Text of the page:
In Part 1, we discussed Activities of Daily Living and that struggles with ADL’s might mean it’s time for Assisted Living. Now, we would like to focus on signs that your loved one might be struggling with ADL’s. Often our family members won’t come right out and admit they are having trouble in these areas. Noticing signs of their struggle is very important to getting help before a catastrophic event. Signs we can look for are:
- Bathing – Noticing difficulty with bathing might as simple as noticing they have an odor. A person might also wear excessive perfume or cologne because they are aware of the odor and want to mask it. When you bring up the topic of bathing, does your loved one get anxious, dismissive or defensive? This could be a sign. A fall during bathing would be a sign that assistance is needed.
- Dressing – One big sign would be they leave the same clothes on for long periods. This could also be a sign/reason not to bathe. Do they get frustrated, dismissive or defensive when you ask about their clothing? They may need help but don’t want to admit Other signs include missed buttons, missed belt loops, or sometimes the most obvious is not getting dressed at all.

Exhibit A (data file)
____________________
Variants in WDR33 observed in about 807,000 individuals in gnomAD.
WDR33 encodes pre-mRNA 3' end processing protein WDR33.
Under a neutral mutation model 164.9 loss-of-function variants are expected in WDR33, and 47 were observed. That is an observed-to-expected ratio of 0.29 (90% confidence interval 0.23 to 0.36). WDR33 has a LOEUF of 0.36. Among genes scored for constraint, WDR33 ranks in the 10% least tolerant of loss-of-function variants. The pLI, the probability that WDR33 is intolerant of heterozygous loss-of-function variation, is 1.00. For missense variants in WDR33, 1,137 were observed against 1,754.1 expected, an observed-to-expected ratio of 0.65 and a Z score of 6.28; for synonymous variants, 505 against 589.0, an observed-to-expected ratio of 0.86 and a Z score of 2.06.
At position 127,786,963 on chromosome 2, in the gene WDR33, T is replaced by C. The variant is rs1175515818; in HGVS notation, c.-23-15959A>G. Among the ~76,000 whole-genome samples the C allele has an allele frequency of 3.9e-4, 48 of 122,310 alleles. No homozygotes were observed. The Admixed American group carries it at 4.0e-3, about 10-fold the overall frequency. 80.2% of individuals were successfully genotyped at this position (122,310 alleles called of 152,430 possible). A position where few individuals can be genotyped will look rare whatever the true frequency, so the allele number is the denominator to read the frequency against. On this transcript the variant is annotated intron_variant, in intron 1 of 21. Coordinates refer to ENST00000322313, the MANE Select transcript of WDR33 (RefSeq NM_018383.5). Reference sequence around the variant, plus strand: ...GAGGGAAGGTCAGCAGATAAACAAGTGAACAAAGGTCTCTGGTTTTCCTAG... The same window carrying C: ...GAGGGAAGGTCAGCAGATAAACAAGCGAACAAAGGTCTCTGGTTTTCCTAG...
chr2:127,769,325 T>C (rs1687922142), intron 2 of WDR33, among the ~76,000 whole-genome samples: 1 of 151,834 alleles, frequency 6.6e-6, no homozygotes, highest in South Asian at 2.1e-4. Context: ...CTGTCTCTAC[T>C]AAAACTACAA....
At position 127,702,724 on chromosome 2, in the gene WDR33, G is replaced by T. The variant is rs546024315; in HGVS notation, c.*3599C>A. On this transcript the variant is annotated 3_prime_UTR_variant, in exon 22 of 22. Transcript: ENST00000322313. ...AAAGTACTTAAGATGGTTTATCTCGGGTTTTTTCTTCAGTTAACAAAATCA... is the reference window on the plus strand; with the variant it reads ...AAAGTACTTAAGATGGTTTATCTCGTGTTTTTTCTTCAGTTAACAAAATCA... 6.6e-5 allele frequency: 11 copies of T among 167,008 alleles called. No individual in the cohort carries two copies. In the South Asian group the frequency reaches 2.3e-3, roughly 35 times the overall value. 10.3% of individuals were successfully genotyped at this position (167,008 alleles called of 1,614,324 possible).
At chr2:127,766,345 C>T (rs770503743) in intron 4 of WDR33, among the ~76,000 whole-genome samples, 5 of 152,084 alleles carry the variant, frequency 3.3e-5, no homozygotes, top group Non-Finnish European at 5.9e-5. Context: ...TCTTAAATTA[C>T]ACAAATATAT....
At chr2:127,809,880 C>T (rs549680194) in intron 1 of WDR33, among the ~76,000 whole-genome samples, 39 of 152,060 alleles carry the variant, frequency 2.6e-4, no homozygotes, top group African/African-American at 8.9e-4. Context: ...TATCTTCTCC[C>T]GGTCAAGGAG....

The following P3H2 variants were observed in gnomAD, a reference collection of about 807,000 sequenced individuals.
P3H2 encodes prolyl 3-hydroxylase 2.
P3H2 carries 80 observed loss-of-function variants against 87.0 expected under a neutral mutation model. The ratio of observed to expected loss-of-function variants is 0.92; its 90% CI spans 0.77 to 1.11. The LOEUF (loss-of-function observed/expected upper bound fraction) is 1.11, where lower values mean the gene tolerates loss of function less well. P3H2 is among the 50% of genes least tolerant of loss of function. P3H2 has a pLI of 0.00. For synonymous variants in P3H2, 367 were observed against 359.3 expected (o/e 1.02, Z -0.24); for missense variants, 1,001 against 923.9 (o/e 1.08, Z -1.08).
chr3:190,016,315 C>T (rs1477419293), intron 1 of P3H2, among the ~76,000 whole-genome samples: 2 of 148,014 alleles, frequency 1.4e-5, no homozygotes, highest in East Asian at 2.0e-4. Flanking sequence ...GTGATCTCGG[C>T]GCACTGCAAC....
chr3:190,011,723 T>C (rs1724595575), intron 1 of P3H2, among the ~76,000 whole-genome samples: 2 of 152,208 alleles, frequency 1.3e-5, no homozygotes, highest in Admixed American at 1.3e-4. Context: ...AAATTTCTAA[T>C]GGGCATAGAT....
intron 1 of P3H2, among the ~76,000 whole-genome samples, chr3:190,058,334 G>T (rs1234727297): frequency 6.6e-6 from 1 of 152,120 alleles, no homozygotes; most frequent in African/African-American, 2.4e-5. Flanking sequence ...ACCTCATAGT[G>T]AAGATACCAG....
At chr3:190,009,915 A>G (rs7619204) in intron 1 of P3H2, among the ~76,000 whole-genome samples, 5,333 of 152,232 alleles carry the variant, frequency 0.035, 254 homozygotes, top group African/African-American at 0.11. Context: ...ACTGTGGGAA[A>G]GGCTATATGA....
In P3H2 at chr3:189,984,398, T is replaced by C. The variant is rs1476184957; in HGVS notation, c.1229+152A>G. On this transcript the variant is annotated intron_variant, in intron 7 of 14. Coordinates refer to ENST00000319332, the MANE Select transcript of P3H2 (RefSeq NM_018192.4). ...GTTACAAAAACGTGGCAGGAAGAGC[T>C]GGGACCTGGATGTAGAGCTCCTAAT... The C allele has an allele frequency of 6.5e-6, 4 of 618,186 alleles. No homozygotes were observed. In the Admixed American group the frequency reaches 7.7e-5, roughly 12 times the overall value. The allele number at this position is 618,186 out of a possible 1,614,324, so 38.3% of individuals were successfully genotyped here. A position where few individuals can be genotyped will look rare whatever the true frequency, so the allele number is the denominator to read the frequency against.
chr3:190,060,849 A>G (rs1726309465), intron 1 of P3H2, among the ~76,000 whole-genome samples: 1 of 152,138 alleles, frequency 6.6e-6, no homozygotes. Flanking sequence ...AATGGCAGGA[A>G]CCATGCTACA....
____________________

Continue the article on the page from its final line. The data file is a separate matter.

- Toileting – Signs of toileting trouble might be as simple as odor, stains in under garments, clothes or furniture might be present as well.
- Eating – Signs would include difficulty cutting, keeping food on the utensil, gripping utensils, and trouble swallowing.
- Ambulating – Of the 5, recognizing ambulation trouble might be the easiest. Wobbling gate, falls, always wanting to hold onto something while they walk, not moving throughout the day are all signs. Many times, a fear of falling can affect someone if they have had a bad fall. Occasionally the fear will be so bad, they will refuse to walk.
We would like to remind you, it is normal to have reservations about moving into an assisted living, but important to remember assisted living is the right choice for many aging individuals. Through researching options and planning now, you or your loved one will have the ability to choose their future home. Those who wait often lose control over where they end up. Making the decision on your terms allows you to choose a facility with the best location, price point, and services to fit your individual needs.
Physical assistance is not the only thing that can make assisted living appropriate. Someone struggling with their IADL’s might find a higher quality of life in Assisted Living as well. We will talk about that in Part III.